How can we incentivize the creation of more Ghost themes?

I don’t plan on ever using WordPress again, unless for some reason somebody puts a gun to my head and orders me to do it. At that point (gunpoint) I might consider using WordPress.

But jokes aside, there is one thing that occasionally pulls me towards WordPress, and that is the relatively huge number and variety of themes that are available, which are at least visually pleasing (and by that I mean, I haven’t looked at the actual code, and I don’t know how easy or pleasant these themes actually are to work with or try to customize, if necessary).

Some of the most popular WordPress themes are advertized as being provided with dozens or even hundreds of different skins, styles or layouts that are intended for different purposes. There’s also a relatively huge number of purpose-built themes designed specifically for certain niches or audiences such as healthcare, personal trainers, musicians, legal professionals etc.

Many of the most popular and best themes that I’ve seen can be purchased for around $25 or less.

In comparison, Ghost has a very small number of themes, and many of what are the best themes (in my opinion) are priced at around $150. And I want to be really clear here: I’m not suggesting that these themes are not worth every cent of $150. The developer of these themes is a wonderful asset to the Ghost community and I’m very grateful that he is developing themes for Ghost (in addition to publishing tutorials and such for the Ghost community’s benefit as well).

I can see that $150 is a very easy or reasonable expense for any business or commercial project with funding that wants to use one of these premium themes on their website.

But unfortunately, $150 is beyond the budget of my personal projects, which are mostly just me playing around with different Ghost themes and ideas for websites relating to hobbies and interests of mine, or personal blogs for friends. The majority of these ideas for websites that I play around with will likely never see the light of day.

And because of the expense, I find myself using Casper (the default theme, of course) 99% of the time, and customizing it a lot. Sometimes to the point where people would probably no longer recognize it as Casper.

Onto my next point. I could be wrong, but there does seem to be only 3 or 4 developers actively creating new Ghost themes, and if anything is holding Ghost back a little from moving in the direction of its enormous potential, I think it’s probably this.

So I’m wondering… is there some way we can incentivize the creation of more Ghost themes?

Is there something we can do to lure WordPress theme developers away from the dark side? Short of blackmail, extortion, kidnapping and such. (I’m not ruling these things out. I just think we should explore legal options first.)

All jokes aside, I am very interested in hearing anyone else’s thoughts or ideas relating to this topic.

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Thank you @DonaldH for initiating this conversation. I agree with what you have said, and asked…

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Ditto, I agree, about WordPress!
Let me add that the problem is that you CANNOT, even if you wanted to (which was my case, and I almost got caught buying a theme because it’s not explained on the themes page), buy a $150 theme if you only have the Starter Plan.
In this case, you can ONLY use the official themes, which are … 14 !
And none of these themes allow you to create a real homepage (= mydomain.com) without having to rewrite the theme code (if I understood correctly), which is quite complicated (for me, at least!)

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If you’re using Ghost Pro and on the Starter Plan can only use the official themes (which is something I didn’t realise) that would mean you can’t rewrite the theme code anyway, since you wouldn’t be able to upload a zip file with your “custom” theme, I presume? So yes, you’re kind of stuck, there.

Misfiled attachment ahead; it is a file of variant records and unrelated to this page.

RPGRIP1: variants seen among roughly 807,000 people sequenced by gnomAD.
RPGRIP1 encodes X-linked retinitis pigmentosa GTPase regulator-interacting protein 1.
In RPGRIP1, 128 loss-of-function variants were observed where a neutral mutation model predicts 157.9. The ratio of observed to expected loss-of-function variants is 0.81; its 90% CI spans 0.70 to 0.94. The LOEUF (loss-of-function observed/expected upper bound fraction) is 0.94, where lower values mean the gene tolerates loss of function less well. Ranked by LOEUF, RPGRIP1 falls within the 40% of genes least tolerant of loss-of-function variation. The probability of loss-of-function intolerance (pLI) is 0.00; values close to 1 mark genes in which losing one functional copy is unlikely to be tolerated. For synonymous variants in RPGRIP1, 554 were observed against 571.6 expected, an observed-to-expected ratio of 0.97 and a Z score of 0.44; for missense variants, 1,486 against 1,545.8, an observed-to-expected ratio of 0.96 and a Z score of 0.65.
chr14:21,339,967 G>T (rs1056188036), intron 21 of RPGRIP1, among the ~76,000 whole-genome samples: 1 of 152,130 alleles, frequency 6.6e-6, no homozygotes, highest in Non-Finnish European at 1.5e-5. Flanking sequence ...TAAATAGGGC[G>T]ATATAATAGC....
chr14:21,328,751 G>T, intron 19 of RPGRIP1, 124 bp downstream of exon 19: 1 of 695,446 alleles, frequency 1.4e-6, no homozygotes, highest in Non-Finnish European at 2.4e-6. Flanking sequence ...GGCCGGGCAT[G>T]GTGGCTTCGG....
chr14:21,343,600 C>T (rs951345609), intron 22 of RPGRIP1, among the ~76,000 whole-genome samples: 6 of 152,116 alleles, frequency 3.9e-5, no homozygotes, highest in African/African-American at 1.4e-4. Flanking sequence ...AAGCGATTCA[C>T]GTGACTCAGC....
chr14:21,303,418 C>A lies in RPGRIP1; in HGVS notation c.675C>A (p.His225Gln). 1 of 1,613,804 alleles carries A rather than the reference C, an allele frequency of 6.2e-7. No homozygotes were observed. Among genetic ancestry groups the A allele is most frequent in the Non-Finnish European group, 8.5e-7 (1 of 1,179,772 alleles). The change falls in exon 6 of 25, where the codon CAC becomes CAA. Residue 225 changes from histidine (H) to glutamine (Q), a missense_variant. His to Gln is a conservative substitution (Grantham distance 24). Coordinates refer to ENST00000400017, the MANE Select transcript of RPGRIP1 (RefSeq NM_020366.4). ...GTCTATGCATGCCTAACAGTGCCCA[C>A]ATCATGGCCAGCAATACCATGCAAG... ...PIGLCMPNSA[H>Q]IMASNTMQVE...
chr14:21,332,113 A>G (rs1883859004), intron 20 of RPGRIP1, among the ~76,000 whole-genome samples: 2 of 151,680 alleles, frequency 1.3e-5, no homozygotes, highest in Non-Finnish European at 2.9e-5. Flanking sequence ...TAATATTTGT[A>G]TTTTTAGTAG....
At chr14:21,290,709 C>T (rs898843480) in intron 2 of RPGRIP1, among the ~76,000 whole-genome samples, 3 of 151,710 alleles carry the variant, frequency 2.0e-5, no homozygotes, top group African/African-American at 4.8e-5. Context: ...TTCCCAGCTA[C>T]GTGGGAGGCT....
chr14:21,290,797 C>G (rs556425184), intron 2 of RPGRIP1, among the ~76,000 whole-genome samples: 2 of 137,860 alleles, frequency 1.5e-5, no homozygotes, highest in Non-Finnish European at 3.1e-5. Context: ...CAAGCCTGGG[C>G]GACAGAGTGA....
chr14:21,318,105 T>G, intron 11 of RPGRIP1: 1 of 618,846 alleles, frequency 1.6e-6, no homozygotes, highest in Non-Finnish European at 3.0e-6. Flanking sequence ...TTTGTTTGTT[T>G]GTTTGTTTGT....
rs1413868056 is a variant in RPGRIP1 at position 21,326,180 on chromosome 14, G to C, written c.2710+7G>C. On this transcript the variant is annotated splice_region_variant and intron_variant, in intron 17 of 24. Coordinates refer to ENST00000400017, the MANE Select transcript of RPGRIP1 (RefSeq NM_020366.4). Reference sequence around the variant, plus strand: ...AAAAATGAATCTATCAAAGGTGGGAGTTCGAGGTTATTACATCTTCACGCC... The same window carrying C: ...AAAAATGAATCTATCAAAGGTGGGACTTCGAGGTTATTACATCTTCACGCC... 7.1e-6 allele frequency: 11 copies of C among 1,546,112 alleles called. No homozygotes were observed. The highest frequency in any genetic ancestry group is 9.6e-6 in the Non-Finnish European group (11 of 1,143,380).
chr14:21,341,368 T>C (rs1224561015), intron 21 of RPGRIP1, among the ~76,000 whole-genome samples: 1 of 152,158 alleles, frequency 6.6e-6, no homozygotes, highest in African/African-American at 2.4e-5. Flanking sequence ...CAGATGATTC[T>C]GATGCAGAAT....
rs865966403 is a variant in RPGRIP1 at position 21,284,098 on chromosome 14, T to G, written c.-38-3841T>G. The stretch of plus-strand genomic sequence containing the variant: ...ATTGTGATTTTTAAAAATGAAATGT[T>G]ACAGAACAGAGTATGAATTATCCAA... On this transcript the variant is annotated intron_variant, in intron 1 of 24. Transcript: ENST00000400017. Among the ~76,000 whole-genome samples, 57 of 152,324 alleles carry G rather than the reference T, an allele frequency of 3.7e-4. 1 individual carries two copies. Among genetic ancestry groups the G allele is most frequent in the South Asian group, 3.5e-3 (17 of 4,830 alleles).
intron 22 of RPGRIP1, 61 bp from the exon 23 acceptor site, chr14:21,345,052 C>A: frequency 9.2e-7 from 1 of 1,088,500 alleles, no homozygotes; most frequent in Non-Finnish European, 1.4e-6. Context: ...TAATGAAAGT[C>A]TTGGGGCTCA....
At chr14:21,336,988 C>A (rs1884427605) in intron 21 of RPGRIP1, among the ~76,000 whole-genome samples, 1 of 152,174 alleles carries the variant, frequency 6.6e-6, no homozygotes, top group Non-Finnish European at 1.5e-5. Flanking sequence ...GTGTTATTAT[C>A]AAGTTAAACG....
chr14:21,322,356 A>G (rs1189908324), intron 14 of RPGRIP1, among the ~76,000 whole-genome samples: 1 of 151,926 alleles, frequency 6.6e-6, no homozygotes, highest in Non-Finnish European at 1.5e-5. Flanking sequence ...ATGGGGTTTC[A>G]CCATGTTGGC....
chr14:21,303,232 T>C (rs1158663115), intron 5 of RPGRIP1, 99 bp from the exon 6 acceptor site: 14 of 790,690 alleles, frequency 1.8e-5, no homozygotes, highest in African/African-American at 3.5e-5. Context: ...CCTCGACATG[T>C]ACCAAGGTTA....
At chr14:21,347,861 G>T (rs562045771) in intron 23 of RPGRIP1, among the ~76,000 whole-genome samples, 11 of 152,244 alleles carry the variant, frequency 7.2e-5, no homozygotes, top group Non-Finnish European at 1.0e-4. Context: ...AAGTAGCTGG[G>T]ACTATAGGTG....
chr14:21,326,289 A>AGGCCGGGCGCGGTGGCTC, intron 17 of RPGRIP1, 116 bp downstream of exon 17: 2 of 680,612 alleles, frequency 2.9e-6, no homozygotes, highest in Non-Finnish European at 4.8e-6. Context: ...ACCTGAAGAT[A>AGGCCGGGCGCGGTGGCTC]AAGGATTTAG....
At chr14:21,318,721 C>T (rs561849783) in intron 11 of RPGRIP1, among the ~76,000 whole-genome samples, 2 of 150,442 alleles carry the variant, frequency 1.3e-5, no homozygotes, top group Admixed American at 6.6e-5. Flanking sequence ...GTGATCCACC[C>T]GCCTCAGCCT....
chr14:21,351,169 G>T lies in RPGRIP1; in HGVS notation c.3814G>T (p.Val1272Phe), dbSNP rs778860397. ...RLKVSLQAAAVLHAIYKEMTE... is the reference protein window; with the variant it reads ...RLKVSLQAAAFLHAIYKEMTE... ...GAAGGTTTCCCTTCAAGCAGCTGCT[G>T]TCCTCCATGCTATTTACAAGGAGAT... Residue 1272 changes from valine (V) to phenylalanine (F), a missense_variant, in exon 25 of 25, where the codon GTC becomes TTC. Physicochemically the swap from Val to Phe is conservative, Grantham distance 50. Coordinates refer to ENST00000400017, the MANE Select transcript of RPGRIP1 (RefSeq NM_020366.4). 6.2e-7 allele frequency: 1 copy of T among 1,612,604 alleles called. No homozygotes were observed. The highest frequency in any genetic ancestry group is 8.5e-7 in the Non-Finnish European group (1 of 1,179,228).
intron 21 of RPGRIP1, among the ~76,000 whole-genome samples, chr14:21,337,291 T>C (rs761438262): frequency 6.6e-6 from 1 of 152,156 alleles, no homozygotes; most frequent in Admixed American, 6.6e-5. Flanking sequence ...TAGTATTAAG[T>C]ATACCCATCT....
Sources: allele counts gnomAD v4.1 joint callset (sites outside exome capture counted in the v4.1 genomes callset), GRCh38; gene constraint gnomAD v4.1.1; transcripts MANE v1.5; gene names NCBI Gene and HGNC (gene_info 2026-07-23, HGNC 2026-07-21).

I just looked at the pricing difference between “Starter” and “Creator” (which allows custom themes) and that makes it now impossible for me to recommend Ghost (Pro) to anyone. I will keep recommending Ghost to people who are able to self host on DigitalOcean or somewhere else. I’m hosting my sites at a cost of around $7 (per site) per month with no restrictions on themes etc.

I took a look at ghostpro and passed. Self hosting.

I agree. I was just thinking that there is a genuine need for theme developers. Ghost is perfect for a booming industry of content creators that use recurring subs. They could keep more of their money and have a lot more branding and customization than they would get in other places.

After trying ghost for a time, I can see that it really lacks some good open source templates that are kept up to date. That’s going to take many people getting involved.

I don’t know how many people are using this. Not even a ballpark guess. If there is enough though, they could hold a fundraiser and gather some prize money for a theme building contest. Where all submissions must be licensed MIT and freely available to the public.

It’s a chicken and egg problem though. You need great themes, paid and free, to attract users. Yet you need users to attract the great devs. So maybe the way around that is getting the community to put up some cash to crowd fund some themes and maybe attract more devs.

On a side note, if you are constantly spinning up and taking down sites, I would check out linode if you haven’t. You can get $100 credit for the first couple of months. You can spin up small vps that cost $5 a month to run full time and one click install cloudron on ubuntu. Cloudron is free for 2 apps and you can 1 click install ghost. It’s not cheap when you start upping the vps specs but for cheap and super easy way to host docker, or ghost or whatever. Also, with KASM, you can do some really interesting stuff.

@gsf where are you hosting if you don’t mind me asking?

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I’m not sure at all, but I thought you could edit your theme and then upload it.
But I didn’t try it, I only used the injection code feature. Yes, the price difference between Starter and Creator is really significant…

I use the “native” Ghost(Pro) hosting. I didn’t want to bother.
With the Starter Plan, it’s cheap and therefore worthwhile. With the Creator Plan, it would indeed be a different matter. To tell the truth, for the moment I’m on standby, I haven’t invested completely in the layout of my site, I’m hesitating, because I’m not so satisfied with what I can do at my level. (being a simple user, not a coder or developer). However, I find the lightness and simplicity of Ghost’s editor and platform very pleasant.

The code injection feature will only let you make style changes with CSS etc.

I mean theoretically you could also alter the HTML or layout of pages/templates with JavaScript injection but that would be more work than just self hosting and also just a less than ideal way to go about things.